We’re making the structural changes to our business that we didn’t make a few years ago. Those new models are still imminent pending the re-start (9-4x is already out there) and, of course, we have to use our limited resources very effectively in terms of marketing the brand and reaching out to customers, both the current and potential future kind. We still have excellent products with a host of new innovations coming, we still have a great brand that speaks to people, and we will have solid backing from our partners, which we will be able to build upon to instill some confidence into the marketplace.
The short, idealist answer is that we’d like to start producing again as soon as we can. The longer (and more real) answer is that it’s a complex process with a number of milestones that need to be reached before we can communicate a date publicly. We have internal plans in place as to how and when the re-start should be commenced. We can’t communicate those plans publicly at this time, however, because the preliminary steps that we need to complete are still ahead of us.
For example, we still need to present our business plan to our creditors and have them approve it as part of the reorganisation process. This is a formal part of the reorganisation process and we cannot proceed without it. We also need to have a cohesive plan in place with our suppliers for payment and delivery and it isn’t possible to communicate a date publicly until those steps are completed.
Production of the Saab 9-4x is a slightly different matter, but is still subject to the same financial constraints as the rest of our business at this time. We do have a planned starting date for 2012 model year production but that will be subject to payment arrangements being made, which are once again dependent on our dealings in reorganisation and the approval of our Chinese partners.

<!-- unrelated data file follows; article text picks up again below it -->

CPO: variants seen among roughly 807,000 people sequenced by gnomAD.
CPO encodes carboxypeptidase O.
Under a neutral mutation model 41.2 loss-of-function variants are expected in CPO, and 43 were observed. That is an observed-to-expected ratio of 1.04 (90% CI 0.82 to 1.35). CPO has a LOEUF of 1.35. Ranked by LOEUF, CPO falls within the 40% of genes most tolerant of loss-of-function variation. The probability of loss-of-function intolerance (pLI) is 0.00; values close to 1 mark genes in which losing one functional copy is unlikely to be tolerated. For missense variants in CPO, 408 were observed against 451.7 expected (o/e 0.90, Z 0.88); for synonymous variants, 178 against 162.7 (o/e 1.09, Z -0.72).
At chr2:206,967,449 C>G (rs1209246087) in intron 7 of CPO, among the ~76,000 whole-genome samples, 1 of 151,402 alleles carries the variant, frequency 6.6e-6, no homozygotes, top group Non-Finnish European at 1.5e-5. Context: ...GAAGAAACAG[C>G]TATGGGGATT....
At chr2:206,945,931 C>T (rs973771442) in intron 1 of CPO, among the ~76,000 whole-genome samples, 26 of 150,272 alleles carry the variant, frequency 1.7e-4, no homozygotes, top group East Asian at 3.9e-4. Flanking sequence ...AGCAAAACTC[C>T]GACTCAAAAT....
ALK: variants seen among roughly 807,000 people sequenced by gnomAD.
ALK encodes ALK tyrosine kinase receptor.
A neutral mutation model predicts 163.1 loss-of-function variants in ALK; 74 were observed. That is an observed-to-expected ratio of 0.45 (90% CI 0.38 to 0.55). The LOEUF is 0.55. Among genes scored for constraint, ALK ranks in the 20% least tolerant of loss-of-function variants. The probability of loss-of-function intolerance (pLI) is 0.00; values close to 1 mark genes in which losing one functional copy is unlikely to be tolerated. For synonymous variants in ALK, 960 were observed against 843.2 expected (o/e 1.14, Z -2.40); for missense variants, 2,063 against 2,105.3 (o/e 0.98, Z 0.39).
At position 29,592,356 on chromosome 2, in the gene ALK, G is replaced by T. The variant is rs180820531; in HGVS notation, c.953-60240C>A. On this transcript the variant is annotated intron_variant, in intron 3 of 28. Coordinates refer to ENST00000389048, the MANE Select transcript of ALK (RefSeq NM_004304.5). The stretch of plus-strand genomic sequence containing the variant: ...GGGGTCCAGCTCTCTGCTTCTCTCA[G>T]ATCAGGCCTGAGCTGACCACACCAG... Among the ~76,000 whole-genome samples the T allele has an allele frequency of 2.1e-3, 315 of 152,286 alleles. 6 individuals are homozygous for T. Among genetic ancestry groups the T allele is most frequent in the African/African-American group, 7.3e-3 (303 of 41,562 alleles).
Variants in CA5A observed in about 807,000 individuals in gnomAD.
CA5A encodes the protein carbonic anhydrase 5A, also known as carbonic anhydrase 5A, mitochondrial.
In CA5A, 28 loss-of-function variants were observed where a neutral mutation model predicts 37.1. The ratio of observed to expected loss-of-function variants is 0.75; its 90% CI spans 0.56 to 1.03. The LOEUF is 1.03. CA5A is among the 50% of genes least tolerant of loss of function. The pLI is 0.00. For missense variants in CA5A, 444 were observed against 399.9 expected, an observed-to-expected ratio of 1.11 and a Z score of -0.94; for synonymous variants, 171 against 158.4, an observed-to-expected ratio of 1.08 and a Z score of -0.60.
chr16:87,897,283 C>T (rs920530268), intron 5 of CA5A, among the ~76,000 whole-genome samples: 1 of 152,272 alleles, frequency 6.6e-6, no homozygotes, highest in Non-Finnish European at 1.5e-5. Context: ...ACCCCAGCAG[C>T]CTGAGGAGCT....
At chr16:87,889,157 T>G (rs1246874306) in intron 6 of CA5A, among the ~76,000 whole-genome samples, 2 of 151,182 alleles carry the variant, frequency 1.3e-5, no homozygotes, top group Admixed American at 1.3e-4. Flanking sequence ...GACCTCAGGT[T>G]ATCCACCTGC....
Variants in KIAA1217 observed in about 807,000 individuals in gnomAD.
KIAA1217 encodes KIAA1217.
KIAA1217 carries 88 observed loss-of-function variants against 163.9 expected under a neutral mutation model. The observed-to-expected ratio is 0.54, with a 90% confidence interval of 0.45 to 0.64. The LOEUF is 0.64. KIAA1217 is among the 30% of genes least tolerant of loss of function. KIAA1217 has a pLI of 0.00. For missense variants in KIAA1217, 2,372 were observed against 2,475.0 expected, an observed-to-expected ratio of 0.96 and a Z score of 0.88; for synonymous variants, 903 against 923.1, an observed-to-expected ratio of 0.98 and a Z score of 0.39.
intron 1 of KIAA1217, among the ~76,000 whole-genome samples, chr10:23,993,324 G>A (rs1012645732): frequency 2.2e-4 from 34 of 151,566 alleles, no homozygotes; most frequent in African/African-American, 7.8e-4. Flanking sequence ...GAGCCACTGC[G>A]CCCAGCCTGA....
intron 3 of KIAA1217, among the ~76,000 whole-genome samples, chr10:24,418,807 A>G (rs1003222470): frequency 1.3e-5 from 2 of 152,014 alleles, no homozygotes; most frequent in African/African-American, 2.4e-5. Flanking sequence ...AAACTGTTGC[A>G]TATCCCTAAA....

This is one of the instances where it’s important to note that Saab are currently in the process of reorganisation under Swedish law. This is not a bankruptcy procedure.
Under reorganisation, your warranty remains in full effect and all of the terms and conditions of that warranty remain the same as the day you drove the car from the dealership.
The original question asked was “What happens to my warranty in the event of Saab bankruptcy?” That’s a complex issue that I’m still trying to find an answer for that I can communicate here in a simple manner. I simply don’t have access to the right people to provide that answer today. We’ll look to address that in Part 2.
Bear in mind that Saab has absolutely no intention of going bankrupt. This is a worst-case scenario question, but here goes……
Saab Automobile Parts AB (Saab Parts) is a wholly owned subsidiary of Saab Automobile AB responsible for the sales of Saab spare parts and accessories. It is important to note that Saab Parts, whilst being owned by Saab Automobile, is a separate company under law and is not part of Saab’s reorganisation. Saab Parts is a profitable and cash generating business.
The shares of Saab Parts are currently pledged to the Swedish government as security for the EUR 400m loan facility granted to Saab by the EIB. Under the security requirements from and controlled by the Swedish National Debt Office, Saab Parts operates under strict rules. i.e. it keeps its own accounts, it has minimum working capital requirements etc. If there were to be any future insolvency event, Saab Parts will continue to operate as an independent entity for many years supporting Saab customers with parts and accessories.